A clogged AC (air conditioner) condensate drain line can cause water damage in the home. Or trigger a safety switch, which will cause the AC system not to work.
We recommend having an HVAC technician clean the AC drain lines during HVAC maintenance. Or during HVAC service. Cleaning the AC condensate drain line removes clogs in the pipes. And helps avoid problems with the air conditioning system.
In this guide, we talk about why an AC drain line gets clogged. And the signs to look for that may indicate a clogged condensate drain line. Then we will walk you through three step-by-step processes. Explaining how to clean and unclog the AC drain lines.
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Signs the AC Drain Line is Clogged (And What Happens When it Gets Clogged)
What is an AC Drain Line
An air conditioner drain line is a PVC drain pipe attached to the condensate pan of the HVAC unit. When properly connected, it has a slight downward slope. The slope allows gravity to take the water down the drain and make its way out of the home.
The PVC drain pipe has a drain trap, also known as a P-trap. The P-trap is like those under a sink or toilet. One purpose of the P-trap is to separate the PVC drain line from the external environment. It does this by trapping water in the drain pipe, which creates the barrier. The barrier prevents spiders or insects from entering the AC system. And helps control odors. When the drain line is dry, spiders and insects can enter through the drain line.
The air conditioner generates condensation while it's on. The purpose of the AC drain lines is to allow the condensation to drain out of the system.
Signs the AC Drain Line is Clogged (And What Happens When it Gets Clogged)
If you have a clogged AC condensate drain line, you must fix it as soon as possible. Not fixing a clogged condensate drain line can cause water damage. And can also prevent the HVAC system from working.
You can know if an AC drain line is clogged by looking for two common signs of a clog. The first is if the AC system isn't working. The other is clear signs of water around the furnace, air handler, or ceiling.
If the air conditioner isn't working because of a clogged AC condensate line. It can be because the system has a "safe-t-switch." When water doesn't drain from the system, it can trigger the safe-t-switch. This disconnects power to the air conditioning unit and, in some cases, the thermostat.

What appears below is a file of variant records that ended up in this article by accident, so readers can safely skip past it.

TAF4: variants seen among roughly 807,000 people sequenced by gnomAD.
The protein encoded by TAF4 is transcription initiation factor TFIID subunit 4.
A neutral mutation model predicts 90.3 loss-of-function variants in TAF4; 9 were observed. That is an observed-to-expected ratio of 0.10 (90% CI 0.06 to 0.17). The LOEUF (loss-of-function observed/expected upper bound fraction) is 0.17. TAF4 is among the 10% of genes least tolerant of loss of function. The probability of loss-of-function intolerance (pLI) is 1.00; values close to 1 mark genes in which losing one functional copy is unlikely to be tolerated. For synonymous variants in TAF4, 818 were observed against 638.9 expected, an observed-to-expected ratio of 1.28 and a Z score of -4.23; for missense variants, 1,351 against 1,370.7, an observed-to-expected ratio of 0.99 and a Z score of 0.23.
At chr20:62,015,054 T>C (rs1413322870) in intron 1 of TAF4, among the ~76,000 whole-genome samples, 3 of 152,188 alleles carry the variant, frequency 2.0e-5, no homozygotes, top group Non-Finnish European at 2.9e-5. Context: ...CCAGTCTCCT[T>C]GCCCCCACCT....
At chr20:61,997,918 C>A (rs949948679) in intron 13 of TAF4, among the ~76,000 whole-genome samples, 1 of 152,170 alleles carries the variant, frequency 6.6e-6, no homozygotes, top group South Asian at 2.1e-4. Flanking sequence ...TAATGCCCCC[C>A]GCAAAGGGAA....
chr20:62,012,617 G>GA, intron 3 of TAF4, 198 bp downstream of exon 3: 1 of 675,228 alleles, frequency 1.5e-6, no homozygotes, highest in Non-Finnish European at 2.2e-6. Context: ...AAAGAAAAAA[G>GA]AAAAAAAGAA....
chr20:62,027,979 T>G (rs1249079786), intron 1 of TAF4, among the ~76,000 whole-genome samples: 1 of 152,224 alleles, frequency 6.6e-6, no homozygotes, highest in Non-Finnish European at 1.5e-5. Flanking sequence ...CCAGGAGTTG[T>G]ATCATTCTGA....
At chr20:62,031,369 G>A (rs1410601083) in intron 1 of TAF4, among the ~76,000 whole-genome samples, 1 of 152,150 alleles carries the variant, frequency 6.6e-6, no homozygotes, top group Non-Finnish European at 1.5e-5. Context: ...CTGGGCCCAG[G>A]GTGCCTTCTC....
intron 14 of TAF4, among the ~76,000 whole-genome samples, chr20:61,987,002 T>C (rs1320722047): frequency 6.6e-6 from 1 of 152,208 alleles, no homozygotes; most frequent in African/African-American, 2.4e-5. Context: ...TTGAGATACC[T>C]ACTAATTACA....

Not all systems have a "Safe-T" switch, but we recommend installing one to prevent water damage in the home. And a triggered safe-t-switch can sometimes have similar symptoms to a faulty AC capacitor. Be sure to not confuse the two.
When there are signs of water around the HVAC unit or on the ceiling, it is a sign the condensate drain line is clogged. And the drain pan is overflowing. This causes water to leak from the HVAC unit and water damage in more severe cases.
Why the AC Drain Line Gets Clogged
The AC condensate drain line can clog for a few reasons. The most common reasons are dust and debris or spiders and insects.
Bad filtration or dirty filters can cause dust to build up on the evaporator coil. When the air conditioner runs, the evaporator coil generates condensation. The condensation washes away dust and debris from the evaporator coil into the AC drain line. And clogging it.
Also, debris from around the furnace or indoor air handler can make its way to the drain pan and the drain line. Causing it to clog.
Aside from dust and debris, the AC condensate drain line can clog from spiders and insects. During the off-season, the P-trap in the condensate line dries up when the air conditioner is not in use. Spiders and insects often find their way into the pipe and build webs or lay eggs that clog the drain line.
So, clean and unclog the condensate line at least once a year before the cooling season. You can learn how to do it yourself below. Or connect with an HVAC pro about doing it as part of a preventative maintenance service.
How to Clean and Unclog the AC Drain Line
There are three common ways to clean the AC condensate line. One is with a wet-dry vacuum. And the other two ways involve cutting the PVC piping for a more thorough cleaning.
Unclogging the AC Drain Line with a Wet-Dry Vacuum
Cleaning your AC drain line with a wet-rated vacuum is easy. But you need a wet-dry vacuum. And you need to locate the end of the AC condensate drain line. There are some companies that make AC drain line cleaner vacuums. However, a regular wet-dry vacuum will work as well.